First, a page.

Ideally, your decision won’t require you to rush anything, so you can really slow down and figure out how you feel.

Some snap decisions can end really well, as they might involve going with our gut (we’ll go into this later!), but some can be very reflective of how we felt in that exact moment.

Making a big decision can be negatively impacted after something like an argument with your partner. At that moment, you might think ‘Fine, I was thinking about moving and now I know I may as well!’

Or, after one bad day at work, you might make a rushed decision to quit, before you have another job lined up, or without genuine cause to leave.

If you can, keep track of how you feel about the decision at various points across the next few weeks or months. You might notice that you only really want to make that big change after a bad day at work, or after a really, really great chat with your partner.

Look for the feeling that is most consistent, as that will be the more reliable and realistic mindset to follow.

Assess your mindset.

Similar to above, try to work out where this decision is coming from. What has led you to this crossroads, and what angle are you coming from?

If you’re scared of what is happening in your life now, fear is probably driving your choice to make a change.

Being scared is a very valid reason to make a life change, but it can make us rush into things that we haven’t really thought through.

It can make us see anything as better, simply because of how bad our current situation feels. In this instance, we are more likely to lower our standards and not think clearly about what we really want in the long-term.

If you’re feeling worried about your decision, remember that you have a support system around you. Chat to friends, or even colleagues, about how you are feeling.

Professional help and counseling is also available if you are really struggling with something that is making you feel worried and vulnerable.

Consider the alternatives.

Give yourself a breather for a moment and ask yourself – are there really only these two paths to choose from?

Sometimes, we get so deep in a decision that it feels like the only options are ‘yes’ and ‘no.’

We can’t see anything else because we’re so invested in deciding between these two choices.

Take a moment to look around – there might be more options than you initially thought.

‘Move to Alaska or stay here’ – what about the third option of ‘move to Canada’?!

There might be so many other choices available, but you’ve just closed yourself off to them because you’re so fixated on what you’ve limited yourself to.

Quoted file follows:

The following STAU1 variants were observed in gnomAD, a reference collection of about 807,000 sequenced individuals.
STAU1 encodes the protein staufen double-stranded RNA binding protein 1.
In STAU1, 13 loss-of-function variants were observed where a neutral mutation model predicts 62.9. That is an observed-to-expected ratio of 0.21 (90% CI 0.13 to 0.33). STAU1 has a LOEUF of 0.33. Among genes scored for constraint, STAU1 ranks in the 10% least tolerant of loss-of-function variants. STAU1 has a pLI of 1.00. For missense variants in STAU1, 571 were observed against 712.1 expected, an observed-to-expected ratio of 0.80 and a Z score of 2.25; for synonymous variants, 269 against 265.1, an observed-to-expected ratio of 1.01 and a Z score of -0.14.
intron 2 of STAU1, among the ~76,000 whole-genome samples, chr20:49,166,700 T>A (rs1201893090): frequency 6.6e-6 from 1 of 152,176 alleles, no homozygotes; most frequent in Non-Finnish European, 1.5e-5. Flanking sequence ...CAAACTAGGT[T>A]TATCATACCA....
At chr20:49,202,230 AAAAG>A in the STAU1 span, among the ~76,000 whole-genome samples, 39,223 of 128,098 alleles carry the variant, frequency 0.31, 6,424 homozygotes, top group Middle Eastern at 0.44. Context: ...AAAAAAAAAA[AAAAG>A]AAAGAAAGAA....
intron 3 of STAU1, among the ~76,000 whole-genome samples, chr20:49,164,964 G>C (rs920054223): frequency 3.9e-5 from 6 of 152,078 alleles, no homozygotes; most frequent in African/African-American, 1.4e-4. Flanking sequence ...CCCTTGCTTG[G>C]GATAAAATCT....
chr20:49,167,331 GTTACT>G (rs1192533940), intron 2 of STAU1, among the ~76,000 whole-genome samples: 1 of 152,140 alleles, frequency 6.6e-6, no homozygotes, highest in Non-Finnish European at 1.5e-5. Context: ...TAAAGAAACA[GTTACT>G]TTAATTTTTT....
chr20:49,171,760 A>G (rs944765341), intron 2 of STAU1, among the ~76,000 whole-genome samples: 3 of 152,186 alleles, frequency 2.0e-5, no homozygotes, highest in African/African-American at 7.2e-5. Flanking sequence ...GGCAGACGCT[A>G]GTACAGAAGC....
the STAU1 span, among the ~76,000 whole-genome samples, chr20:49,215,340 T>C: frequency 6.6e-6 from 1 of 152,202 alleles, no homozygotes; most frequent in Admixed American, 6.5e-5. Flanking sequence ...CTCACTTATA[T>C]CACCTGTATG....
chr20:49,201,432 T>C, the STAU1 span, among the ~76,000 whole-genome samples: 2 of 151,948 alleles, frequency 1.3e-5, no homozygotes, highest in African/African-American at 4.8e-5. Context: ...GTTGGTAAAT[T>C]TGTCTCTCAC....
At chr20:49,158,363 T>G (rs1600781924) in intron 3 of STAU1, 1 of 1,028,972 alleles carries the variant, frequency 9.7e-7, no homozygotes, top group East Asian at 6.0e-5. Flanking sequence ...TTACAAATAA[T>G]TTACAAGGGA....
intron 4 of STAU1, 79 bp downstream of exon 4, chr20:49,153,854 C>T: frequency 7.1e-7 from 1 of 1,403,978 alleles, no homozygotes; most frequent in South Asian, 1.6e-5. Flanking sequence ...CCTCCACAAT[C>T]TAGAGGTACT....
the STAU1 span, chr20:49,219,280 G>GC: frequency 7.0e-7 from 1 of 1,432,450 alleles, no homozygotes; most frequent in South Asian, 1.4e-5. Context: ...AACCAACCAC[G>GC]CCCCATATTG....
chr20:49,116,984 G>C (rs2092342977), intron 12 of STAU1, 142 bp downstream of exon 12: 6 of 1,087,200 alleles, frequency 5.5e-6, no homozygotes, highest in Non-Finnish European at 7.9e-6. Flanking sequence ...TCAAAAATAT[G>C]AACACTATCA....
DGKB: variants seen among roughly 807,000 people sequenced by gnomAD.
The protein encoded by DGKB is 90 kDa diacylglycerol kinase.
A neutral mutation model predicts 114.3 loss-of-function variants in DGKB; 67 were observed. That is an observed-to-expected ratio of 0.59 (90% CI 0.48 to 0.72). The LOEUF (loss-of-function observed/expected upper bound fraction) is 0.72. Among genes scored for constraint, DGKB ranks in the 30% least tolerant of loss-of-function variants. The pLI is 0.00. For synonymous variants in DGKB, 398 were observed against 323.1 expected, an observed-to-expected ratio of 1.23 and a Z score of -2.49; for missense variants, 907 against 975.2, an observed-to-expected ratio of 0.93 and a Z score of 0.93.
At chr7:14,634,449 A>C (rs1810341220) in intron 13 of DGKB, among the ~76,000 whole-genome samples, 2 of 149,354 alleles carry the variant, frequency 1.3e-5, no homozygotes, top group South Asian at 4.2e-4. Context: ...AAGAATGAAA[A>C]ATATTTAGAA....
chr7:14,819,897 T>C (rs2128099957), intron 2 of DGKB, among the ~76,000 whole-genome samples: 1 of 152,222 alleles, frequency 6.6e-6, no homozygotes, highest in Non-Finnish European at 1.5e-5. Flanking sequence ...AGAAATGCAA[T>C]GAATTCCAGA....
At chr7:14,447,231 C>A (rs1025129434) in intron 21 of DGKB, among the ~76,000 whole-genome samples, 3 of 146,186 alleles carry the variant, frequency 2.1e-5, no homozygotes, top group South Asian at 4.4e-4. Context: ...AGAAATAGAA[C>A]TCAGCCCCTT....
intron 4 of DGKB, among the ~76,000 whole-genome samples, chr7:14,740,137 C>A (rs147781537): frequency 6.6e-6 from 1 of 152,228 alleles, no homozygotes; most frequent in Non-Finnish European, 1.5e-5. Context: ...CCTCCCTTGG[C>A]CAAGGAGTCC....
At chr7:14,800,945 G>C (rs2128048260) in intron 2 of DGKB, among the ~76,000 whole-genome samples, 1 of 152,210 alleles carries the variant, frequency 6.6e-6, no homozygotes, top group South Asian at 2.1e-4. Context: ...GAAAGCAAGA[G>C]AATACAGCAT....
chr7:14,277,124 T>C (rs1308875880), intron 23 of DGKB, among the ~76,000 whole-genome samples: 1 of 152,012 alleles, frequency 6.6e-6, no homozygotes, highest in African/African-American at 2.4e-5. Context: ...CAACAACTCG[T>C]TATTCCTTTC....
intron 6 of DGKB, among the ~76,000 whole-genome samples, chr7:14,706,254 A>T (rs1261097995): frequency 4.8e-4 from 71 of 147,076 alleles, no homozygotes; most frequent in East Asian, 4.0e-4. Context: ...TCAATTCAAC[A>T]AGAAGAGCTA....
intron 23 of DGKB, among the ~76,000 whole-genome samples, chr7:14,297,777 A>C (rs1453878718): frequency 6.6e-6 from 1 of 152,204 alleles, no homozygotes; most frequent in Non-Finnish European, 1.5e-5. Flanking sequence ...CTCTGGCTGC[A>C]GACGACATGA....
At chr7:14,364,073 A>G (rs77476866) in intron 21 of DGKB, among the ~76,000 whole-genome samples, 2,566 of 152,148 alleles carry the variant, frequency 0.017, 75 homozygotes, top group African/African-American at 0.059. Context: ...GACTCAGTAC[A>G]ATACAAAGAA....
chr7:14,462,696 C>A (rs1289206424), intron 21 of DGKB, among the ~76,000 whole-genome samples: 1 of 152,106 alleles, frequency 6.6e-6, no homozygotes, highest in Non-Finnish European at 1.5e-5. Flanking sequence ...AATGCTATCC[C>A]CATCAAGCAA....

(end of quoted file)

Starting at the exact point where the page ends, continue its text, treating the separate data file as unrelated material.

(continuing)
Remember that you can change direction again if you need to.

Most decisions aren’t as final as we think they are. Sure, you might not be able to get your job back, but you can still leave your new job if it’s not working out the way you wanted it to.

You can make a choice now and make another choice later down the line. If things don’t work out, you can go through this process again.

Coming from this kind of mindset can really help you with making the first choice. Take some pressure off yourself, and this decision, by remembering that nothing is permanent.

If you choose to move to London instead of Tokyo now, there is nothing stopping you from moving to Tokyo later down the line if it’s still something you’re considering.

Trust your gut and be honest with yourself.

A lot of the time, we know what we really want an outcome or answer to be. When we flip a coin in the air to make a decision for us, we already know what we want it to land on. This is our gut instinct trying to communicate with us.

We might be holding back from uncovering that true feeling, which is why it can be hard to trust your gut, but there are ways to move past that.

Your subconscious might be calling out the answer, but you’re ignoring it because you’re too busy thinking about how disappointed your parents might be in something you do, or because you’re worried you’ll be judged for starting your own company with not much experience.

Whatever it is, your judgment is being clouded by the fear of others. It might also be clouded by past decisions – maybe you are worried that you’ll ‘fail’ again, or that you’ll have your heart broken by someone else this time.

The way to move past this is to really focus on yourself and what your body is trying to tell you. Even reading this, you will have had two options in your mind – and you know which one you want to choose.

Stop letting your secondary thoughts creep in and distract you! Hone in on your honesty and choose the one you know is right for you.

Making big decisions is hard, so if you’re at a crossroads in life, it’s normal to be scared and indecisive right now!

Take your time, surround yourself with loved ones, and trust yourself – you already know what you really want, because you’re thinking about it right now.

Still not sure which way to go? Need to talk through the decision to get clarity on it? Speak to a life coach today who can walk you through the process. Simply click here to connect with one.

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About Author

Lucy is a travel and wellness writer currently based in Gili Air, a tiny Indonesian island. After over a year of traveling, she’s settled in paradise and spends her days wandering around barefoot, practicing yoga and exploring new ways to work on her wellbeing.